Ask Not What Pro Cycling Can Do For You... (part 2)

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As the sponsorship market continues to darken for even the most marquee teams, manufacturers have taken a recently unprecedented role in sponsorship (in the long long ago, endemic/technical suppliers played a FAR larger role than they have recently).  Leopard-Trek, BMC, Garmin-Cervelo, and Liquigas-Cannondale wear their manufacturers straight across their titles, and Specialized also stepped pretty close to the plate with HTC-High Road this year.  That's more direct manufacturer involvement than we've seen at the top of the pyramid for a long, long time.  It's also striking how American (and North American) the involvement is.  Is this because one of top tier pro cycling's most valuable assets is its ability to sell (predominantly Taiwanese-made) product from American brands to the American audience, peopled as it is, almost exclusively with enthusiastic participants in the sport?  We're a long way from the first glimpse of pro cycling that I had as a kid, when I remember thinking "they don't really ride Huffys in the Tour de France, do they?"  Now American brands have reversed the hammerlock that Euro brands had back then.  Leopard-Trek, Liquigas-Cannondale, HTC-High Road, Astana, Radio Shack, Saxo Bank - they're all sponsored by American brands, not to mention Geox, who's sponsored by Fuji/Kestrel.  It's far from limited to frames, either.  Zipp, Easton, Bontrager, and Reynolds form the dominant cabal of wheel suppliers, and SRAM's no third wheel in drivetrain supply, either.  So far, it's only frame manufacturers who have gone to the plate for title sponsorships.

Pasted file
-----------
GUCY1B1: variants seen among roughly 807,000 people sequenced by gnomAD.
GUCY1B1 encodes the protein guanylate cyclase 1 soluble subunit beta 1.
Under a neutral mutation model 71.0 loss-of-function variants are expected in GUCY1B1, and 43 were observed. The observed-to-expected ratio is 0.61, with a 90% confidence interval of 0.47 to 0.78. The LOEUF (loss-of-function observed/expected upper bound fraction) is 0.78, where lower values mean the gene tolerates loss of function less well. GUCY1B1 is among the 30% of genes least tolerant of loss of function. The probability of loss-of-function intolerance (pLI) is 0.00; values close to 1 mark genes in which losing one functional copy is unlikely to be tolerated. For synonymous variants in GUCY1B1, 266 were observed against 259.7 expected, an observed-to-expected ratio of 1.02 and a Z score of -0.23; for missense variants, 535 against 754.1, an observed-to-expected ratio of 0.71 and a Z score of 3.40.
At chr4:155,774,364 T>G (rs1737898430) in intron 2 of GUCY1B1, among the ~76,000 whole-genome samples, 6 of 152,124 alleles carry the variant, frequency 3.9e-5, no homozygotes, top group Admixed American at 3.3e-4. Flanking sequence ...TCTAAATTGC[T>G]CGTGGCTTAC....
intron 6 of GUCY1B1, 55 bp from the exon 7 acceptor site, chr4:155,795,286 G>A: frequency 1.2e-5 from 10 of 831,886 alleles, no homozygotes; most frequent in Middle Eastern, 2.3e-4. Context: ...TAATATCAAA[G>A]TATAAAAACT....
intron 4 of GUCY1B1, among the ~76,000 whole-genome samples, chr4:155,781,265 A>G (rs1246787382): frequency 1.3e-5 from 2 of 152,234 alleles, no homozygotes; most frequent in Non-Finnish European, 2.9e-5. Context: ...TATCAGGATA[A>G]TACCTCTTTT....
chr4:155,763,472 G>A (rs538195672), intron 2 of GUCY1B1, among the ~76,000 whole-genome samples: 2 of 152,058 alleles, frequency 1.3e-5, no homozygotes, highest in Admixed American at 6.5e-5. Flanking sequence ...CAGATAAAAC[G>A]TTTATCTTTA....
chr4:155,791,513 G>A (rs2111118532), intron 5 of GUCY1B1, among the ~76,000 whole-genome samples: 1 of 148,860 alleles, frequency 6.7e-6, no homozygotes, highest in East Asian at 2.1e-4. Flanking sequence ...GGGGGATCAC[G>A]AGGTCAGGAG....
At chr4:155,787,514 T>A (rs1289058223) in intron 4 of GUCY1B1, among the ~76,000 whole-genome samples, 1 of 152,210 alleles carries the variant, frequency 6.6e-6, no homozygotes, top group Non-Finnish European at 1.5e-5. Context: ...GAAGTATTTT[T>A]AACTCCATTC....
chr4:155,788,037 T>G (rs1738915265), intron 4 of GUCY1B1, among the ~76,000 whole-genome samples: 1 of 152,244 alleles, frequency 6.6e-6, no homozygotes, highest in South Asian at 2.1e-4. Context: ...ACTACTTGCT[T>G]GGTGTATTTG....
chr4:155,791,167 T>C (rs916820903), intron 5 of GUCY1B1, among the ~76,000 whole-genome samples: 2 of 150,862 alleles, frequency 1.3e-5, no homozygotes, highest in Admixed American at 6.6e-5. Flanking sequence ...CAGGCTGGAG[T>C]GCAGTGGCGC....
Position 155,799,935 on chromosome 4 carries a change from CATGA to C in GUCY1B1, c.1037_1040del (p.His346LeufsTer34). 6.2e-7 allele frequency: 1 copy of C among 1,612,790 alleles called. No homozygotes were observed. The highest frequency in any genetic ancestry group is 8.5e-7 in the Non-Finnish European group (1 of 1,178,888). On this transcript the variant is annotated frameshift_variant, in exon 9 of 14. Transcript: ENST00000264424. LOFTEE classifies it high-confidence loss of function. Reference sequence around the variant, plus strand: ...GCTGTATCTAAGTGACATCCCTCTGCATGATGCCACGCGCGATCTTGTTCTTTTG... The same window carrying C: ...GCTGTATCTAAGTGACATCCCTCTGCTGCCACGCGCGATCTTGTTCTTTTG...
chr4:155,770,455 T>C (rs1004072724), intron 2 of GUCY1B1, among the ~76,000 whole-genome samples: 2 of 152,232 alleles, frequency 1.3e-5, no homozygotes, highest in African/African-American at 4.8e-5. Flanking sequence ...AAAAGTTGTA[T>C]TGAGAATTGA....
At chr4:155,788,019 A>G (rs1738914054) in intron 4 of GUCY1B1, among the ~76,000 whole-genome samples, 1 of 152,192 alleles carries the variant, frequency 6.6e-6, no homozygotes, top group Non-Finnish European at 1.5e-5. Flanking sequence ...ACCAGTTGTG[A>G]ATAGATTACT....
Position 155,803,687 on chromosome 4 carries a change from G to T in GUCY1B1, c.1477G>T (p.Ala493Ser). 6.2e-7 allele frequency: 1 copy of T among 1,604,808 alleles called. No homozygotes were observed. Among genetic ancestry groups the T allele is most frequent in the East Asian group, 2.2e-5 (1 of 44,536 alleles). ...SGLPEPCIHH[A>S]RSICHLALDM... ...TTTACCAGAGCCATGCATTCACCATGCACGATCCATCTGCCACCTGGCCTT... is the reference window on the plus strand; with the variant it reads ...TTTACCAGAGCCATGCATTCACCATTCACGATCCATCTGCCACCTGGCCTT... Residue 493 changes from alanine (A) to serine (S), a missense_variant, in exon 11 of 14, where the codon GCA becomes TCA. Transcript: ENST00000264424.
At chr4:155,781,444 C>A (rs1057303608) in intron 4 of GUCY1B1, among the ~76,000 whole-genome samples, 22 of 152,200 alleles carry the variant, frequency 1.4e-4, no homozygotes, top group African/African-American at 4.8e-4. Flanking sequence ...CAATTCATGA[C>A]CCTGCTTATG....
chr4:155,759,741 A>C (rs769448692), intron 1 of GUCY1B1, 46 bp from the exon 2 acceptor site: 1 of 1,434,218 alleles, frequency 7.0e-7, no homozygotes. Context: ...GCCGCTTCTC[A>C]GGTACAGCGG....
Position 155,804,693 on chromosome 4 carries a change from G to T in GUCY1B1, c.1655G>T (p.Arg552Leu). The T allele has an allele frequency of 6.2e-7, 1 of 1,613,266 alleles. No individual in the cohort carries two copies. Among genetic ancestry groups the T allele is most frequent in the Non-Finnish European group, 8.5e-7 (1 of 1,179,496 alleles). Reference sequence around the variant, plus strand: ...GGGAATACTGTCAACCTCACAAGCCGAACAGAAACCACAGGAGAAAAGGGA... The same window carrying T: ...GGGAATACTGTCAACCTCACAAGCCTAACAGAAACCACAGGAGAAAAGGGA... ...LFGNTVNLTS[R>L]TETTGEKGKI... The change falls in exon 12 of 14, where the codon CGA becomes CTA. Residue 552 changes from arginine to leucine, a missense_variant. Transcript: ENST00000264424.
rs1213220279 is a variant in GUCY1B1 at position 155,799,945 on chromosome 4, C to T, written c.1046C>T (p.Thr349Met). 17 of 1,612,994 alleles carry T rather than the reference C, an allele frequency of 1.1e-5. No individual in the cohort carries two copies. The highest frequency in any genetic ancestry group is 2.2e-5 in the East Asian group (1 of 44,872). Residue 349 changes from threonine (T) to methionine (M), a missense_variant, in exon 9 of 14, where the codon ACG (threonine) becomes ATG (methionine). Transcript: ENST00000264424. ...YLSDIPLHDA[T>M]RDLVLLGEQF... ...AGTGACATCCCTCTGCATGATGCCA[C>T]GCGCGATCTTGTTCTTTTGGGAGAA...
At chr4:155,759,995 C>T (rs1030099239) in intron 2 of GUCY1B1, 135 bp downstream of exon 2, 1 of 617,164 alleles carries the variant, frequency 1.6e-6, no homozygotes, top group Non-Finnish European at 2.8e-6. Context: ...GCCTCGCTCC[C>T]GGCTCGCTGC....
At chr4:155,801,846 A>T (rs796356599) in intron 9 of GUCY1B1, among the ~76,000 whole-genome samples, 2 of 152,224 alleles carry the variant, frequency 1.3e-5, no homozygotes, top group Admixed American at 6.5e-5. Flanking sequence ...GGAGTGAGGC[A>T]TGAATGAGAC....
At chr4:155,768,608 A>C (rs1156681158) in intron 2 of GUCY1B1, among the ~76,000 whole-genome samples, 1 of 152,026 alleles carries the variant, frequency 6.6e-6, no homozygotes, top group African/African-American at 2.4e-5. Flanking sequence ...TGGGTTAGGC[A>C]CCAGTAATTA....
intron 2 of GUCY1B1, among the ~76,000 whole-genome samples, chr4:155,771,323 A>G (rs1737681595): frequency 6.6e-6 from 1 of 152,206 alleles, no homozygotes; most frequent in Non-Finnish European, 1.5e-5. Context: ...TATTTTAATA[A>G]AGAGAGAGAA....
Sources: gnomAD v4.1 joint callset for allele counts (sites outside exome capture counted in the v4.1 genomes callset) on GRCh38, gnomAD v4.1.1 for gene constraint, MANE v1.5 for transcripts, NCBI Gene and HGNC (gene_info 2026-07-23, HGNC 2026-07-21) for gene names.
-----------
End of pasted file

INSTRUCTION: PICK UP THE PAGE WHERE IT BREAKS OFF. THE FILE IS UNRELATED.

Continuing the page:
Companies like Nike or Adidas find a market in every owner of a foot or a torso who sees their brand on any athlete in any game.   People see Rafael Nadal in his Nikes and think “I need some new sneakers, and those must be good ones, I will get some from that brand,” whether or not they will ever in their lives hold a tennis racket.  (Meantime I look at Nadal and think that the Spanish doping authorities must have one seriously major huge rug to hide all of these cases under, but that’s a different story).  For every one basketball player, or tennis player, or soccer player, who wears shoes to play a game in which he is sponsored to wear those shoes, there are many times that number of spectators who will buy shoes not for that game, but because of that game.